Spin removal

Politicians spin. It’s a fact of life. But nobody spins quite like the Bush administration. I’ve gotten used to the feeling that whenever I hear Bush or one of his cronies speak, I’m going to hear nothing but lies and manipulative language. I’ve listened to George “Don’t Think of an Elephant” Lakoff, and dug his ideas. I’ve heard Frank “Words that Work” Luntz speak on the radio, and wanted to spit in his face. I feel like I understand what spin is, and can tell when I’m hearing it. My spin-dar is pretty sensitive at this point.

It’s one thing to know you’re hearing spin. Knowing how to counter it is a whole different story. A fellow named Jeffrey Feldman has written a terrific article that unpacks those adjectives, so to speak. It’s an incisive analysis of Bush’s recent press conference about the US Attorney firing scandal. Feldman identifies the five deliberately misleading buzzwords that were the real purpose of the press conference, and provides accurate alternatives for journalists to use when covering the story. The attorneys didn’t resign, they were fired. Gonzales didn’t give an incomplete explanation, he lied.

This analysis is timely. We need one of these for every statement this administration makes. And mainstream media need to start showing a bit more skepticism towards the choice of words they get fed in these press conferences. Do not repeat his words, folks!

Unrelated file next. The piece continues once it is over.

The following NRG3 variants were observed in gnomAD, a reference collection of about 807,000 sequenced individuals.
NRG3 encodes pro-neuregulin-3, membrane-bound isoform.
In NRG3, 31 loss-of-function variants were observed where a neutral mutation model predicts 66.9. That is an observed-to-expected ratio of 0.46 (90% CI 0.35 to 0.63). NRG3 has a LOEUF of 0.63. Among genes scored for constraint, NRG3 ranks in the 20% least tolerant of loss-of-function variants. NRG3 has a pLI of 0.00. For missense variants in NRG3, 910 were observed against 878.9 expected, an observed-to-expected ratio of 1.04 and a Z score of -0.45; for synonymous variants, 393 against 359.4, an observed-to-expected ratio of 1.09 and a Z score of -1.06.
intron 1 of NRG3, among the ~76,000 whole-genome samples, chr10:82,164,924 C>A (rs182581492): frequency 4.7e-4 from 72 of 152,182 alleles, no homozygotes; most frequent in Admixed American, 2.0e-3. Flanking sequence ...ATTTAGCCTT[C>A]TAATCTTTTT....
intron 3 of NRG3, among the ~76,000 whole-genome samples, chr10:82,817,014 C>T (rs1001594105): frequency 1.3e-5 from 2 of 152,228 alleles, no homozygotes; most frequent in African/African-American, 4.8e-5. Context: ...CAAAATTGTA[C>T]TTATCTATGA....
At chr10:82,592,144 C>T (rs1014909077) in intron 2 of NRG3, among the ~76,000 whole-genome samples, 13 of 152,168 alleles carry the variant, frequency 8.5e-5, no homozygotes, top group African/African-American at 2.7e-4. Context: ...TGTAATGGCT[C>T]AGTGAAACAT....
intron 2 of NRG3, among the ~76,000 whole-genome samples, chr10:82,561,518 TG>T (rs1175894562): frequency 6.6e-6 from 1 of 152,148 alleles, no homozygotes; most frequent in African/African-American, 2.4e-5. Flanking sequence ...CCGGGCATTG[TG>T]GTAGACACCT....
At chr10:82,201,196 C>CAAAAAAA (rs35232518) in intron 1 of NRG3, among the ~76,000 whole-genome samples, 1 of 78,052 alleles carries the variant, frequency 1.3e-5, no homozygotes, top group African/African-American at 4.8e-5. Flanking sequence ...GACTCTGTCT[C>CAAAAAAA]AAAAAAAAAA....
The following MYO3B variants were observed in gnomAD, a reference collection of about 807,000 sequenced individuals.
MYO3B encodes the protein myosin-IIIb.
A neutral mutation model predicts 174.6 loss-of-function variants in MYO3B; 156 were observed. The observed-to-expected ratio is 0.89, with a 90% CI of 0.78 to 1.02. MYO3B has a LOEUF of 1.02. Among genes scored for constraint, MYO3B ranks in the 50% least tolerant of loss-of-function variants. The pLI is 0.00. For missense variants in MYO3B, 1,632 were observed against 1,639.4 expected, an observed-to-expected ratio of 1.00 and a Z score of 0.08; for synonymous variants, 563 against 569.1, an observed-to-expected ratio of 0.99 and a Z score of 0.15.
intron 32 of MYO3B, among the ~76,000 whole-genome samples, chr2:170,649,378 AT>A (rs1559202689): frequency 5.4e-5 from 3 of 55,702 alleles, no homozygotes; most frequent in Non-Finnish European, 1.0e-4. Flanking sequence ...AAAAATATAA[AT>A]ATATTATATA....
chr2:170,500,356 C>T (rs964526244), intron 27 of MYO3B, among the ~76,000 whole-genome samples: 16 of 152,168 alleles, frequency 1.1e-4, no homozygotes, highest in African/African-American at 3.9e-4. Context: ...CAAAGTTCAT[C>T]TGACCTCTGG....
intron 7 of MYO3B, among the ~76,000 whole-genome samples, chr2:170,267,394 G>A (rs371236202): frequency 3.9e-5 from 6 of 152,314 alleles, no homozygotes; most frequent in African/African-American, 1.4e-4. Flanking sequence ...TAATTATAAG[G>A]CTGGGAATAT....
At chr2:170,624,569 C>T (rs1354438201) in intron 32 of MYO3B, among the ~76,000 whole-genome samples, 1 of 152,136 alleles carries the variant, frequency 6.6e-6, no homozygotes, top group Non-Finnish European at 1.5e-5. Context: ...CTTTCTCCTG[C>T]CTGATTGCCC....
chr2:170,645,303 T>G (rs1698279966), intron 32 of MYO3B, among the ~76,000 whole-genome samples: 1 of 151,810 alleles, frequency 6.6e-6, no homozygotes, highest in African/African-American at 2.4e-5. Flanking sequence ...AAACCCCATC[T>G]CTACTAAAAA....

Bush Used Press Conference to Force PR Buzzwords into the Debate

Chris Ware animates!


Yay! One of my favorite artists from the comics world has started animating! You probably know Chris Ware from such works as The Acme Novelty Library, Jimmy Corrigan: The Smartest Kid on Earth, or Quimby the Mouse (one of my personal favorite storylines). Now he’s taken his signature storytelling style into the moving picture box for the TV adaptation of “This American Life”, with predictably excellent results. I can’t think of a better match between form and content.

(via BoingBoing.)

Update: See also this earlier collaboration between Chris Ware and Ira Glass: Lost Buildings. (Thanks to Nancy for the link!)